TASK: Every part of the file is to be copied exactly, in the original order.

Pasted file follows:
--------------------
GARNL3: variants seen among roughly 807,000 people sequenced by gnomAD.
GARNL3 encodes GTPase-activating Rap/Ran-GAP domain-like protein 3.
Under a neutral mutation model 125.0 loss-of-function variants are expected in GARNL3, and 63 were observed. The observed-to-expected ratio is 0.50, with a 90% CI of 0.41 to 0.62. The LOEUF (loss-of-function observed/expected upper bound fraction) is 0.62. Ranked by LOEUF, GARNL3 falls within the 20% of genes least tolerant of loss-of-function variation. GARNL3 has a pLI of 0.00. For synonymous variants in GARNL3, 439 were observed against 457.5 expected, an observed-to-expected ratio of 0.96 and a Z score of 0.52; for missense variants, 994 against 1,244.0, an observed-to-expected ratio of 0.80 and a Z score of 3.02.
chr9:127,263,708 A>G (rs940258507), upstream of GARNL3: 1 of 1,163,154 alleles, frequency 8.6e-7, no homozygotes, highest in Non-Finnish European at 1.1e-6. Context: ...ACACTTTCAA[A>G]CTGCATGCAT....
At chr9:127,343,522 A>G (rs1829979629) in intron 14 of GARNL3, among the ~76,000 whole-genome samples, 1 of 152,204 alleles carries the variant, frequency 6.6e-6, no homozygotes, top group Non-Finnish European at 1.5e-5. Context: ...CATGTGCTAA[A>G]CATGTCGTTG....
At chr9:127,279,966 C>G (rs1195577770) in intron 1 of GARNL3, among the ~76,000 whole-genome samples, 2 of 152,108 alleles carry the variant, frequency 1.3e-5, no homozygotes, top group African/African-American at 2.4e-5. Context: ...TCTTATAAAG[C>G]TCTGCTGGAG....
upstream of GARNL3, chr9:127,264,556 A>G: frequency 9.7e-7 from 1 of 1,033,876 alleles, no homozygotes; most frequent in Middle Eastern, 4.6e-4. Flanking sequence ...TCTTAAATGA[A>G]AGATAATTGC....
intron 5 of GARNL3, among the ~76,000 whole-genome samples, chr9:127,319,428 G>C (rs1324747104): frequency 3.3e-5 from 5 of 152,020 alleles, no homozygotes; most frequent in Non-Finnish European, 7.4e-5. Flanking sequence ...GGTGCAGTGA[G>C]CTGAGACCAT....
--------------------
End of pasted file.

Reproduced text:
GARNL3: variants seen among roughly 807,000 people sequenced by gnomAD.
GARNL3 encodes GTPase-activating Rap/Ran-GAP domain-like protein 3.
Under a neutral mutation model 125.0 loss-of-function variants are expected in GARNL3, and 63 were observed. The observed-to-expected ratio is 0.50, with a 90% CI of 0.41 to 0.62. The LOEUF (loss-of-function observed/expected upper bound fraction) is 0.62. Ranked by LOEUF, GARNL3 falls within the 20% of genes least tolerant of loss-of-function variation. GARNL3 has a pLI of 0.00. For synonymous variants in GARNL3, 439 were observed against 457.5 expected, an observed-to-expected ratio of 0.96 and a Z score of 0.52; for missense variants, 994 against 1,244.0, an observed-to-expected ratio of 0.80 and a Z score of 3.02.
chr9:127,263,708 A>G (rs940258507), upstream of GARNL3: 1 of 1,163,154 alleles, frequency 8.6e-7, no homozygotes, highest in Non-Finnish European at 1.1e-6. Context: ...ACACTTTCAA[A>G]CTGCATGCAT....
At chr9:127,343,522 A>G (rs1829979629) in intron 14 of GARNL3, among the ~76,000 whole-genome samples, 1 of 152,204 alleles carries the variant, frequency 6.6e-6, no homozygotes, top group Non-Finnish European at 1.5e-5. Context: ...CATGTGCTAA[A>G]CATGTCGTTG....
At chr9:127,279,966 C>G (rs1195577770) in intron 1 of GARNL3, among the ~76,000 whole-genome samples, 2 of 152,108 alleles carry the variant, frequency 1.3e-5, no homozygotes, top group African/African-American at 2.4e-5. Context: ...TCTTATAAAG[C>G]TCTGCTGGAG....
upstream of GARNL3, chr9:127,264,556 A>G: frequency 9.7e-7 from 1 of 1,033,876 alleles, no homozygotes; most frequent in Middle Eastern, 4.6e-4. Flanking sequence ...TCTTAAATGA[A>G]AGATAATTGC....
intron 5 of GARNL3, among the ~76,000 whole-genome samples, chr9:127,319,428 G>C (rs1324747104): frequency 3.3e-5 from 5 of 152,020 alleles, no homozygotes; most frequent in Non-Finnish European, 7.4e-5. Flanking sequence ...GGTGCAGTGA[G>C]CTGAGACCAT....